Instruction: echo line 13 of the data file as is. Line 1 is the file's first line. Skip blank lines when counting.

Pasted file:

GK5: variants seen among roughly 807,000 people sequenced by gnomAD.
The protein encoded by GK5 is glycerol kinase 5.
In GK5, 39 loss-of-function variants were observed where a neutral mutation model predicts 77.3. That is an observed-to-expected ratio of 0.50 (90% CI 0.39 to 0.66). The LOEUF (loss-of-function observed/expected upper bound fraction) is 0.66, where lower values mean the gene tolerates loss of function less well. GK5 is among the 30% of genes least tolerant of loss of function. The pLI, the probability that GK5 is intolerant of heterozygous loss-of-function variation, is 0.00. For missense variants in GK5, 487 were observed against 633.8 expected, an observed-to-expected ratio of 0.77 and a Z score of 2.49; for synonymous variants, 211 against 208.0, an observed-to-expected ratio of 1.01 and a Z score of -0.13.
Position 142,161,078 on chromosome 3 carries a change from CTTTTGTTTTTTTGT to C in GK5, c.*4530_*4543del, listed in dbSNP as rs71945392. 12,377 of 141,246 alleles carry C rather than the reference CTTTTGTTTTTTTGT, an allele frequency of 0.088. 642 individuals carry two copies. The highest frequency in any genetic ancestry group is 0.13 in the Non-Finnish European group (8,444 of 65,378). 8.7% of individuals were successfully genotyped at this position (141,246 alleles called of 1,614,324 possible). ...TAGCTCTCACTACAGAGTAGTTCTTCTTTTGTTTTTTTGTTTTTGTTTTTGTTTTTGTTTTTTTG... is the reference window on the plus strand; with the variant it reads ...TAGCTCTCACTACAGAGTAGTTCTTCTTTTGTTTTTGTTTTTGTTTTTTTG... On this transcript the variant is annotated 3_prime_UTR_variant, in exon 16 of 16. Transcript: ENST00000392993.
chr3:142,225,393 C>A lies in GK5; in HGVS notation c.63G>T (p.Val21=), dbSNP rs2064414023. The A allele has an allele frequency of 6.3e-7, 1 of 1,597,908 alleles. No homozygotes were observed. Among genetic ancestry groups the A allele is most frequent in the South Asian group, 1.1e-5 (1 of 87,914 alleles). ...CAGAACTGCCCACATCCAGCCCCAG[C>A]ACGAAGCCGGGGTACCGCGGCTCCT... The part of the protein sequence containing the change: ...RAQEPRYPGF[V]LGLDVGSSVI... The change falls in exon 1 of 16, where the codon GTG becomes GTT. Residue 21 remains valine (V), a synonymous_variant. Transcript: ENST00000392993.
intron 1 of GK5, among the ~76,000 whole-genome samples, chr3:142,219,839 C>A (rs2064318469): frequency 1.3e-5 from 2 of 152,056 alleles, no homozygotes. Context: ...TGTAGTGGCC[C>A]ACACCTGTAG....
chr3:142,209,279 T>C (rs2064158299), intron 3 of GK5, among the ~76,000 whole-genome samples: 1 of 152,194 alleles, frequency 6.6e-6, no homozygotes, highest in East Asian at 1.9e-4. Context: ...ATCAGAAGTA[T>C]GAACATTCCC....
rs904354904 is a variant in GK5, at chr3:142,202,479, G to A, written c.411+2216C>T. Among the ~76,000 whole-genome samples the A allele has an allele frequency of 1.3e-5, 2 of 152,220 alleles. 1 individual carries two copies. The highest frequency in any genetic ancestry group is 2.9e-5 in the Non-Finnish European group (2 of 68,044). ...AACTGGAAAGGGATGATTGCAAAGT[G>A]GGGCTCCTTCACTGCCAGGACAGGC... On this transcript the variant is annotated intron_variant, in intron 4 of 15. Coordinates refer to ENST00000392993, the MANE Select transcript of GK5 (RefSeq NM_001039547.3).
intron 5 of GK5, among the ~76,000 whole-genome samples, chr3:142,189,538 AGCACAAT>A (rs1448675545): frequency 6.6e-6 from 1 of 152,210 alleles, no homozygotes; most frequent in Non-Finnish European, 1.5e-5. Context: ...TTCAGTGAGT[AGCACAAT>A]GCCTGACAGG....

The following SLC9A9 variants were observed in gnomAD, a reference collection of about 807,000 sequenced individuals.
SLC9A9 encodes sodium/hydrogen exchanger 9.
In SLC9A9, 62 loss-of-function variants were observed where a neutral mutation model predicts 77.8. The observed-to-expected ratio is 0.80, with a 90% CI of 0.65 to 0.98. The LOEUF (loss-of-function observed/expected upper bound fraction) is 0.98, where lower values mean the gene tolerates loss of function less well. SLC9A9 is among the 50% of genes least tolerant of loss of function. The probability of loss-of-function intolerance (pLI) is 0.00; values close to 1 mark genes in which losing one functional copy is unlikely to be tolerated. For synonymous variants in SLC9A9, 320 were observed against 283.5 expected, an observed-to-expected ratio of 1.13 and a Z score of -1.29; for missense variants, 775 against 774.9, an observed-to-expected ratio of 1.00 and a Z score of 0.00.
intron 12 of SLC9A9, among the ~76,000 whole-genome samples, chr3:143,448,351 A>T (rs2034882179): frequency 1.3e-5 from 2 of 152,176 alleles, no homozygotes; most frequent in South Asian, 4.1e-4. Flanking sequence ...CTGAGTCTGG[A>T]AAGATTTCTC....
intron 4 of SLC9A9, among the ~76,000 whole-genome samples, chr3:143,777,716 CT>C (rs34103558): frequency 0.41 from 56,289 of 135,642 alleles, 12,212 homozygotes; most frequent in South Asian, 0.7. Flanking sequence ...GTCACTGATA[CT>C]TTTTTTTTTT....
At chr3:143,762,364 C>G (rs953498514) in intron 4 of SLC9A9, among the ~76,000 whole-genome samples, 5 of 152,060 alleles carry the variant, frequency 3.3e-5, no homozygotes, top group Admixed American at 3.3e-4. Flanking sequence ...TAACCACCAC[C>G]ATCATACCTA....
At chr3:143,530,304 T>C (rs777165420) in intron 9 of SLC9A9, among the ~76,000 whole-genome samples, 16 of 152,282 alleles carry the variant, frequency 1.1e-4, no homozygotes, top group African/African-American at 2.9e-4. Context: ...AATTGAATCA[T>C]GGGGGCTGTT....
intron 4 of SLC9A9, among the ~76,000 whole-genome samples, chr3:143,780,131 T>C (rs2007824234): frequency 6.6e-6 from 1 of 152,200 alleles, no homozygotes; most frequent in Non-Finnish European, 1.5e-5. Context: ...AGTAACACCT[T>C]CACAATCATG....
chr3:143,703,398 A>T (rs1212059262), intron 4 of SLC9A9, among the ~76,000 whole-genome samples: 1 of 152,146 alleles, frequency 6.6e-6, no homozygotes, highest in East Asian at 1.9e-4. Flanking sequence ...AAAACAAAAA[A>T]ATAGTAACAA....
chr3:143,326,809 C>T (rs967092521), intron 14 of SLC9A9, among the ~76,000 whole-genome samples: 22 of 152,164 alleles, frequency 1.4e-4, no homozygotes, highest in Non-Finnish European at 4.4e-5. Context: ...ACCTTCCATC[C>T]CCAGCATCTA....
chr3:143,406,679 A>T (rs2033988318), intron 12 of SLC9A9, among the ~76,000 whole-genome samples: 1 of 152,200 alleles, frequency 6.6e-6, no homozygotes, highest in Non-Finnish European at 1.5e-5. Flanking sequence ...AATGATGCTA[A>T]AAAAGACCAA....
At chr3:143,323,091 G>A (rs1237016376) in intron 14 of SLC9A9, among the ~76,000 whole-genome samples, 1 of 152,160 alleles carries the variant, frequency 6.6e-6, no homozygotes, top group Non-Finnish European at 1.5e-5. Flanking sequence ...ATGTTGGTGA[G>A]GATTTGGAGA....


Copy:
intron 12 of SLC9A9, among the ~76,000 whole-genome samples, chr3:143,448,351 A>T (rs2034882179): frequency 1.3e-5 from 2 of 152,176 alleles, no homozygotes; most frequent in South Asian, 4.1e-4. Flanking sequence ...CTGAGTCTGG[A>T]AAGATTTCTC....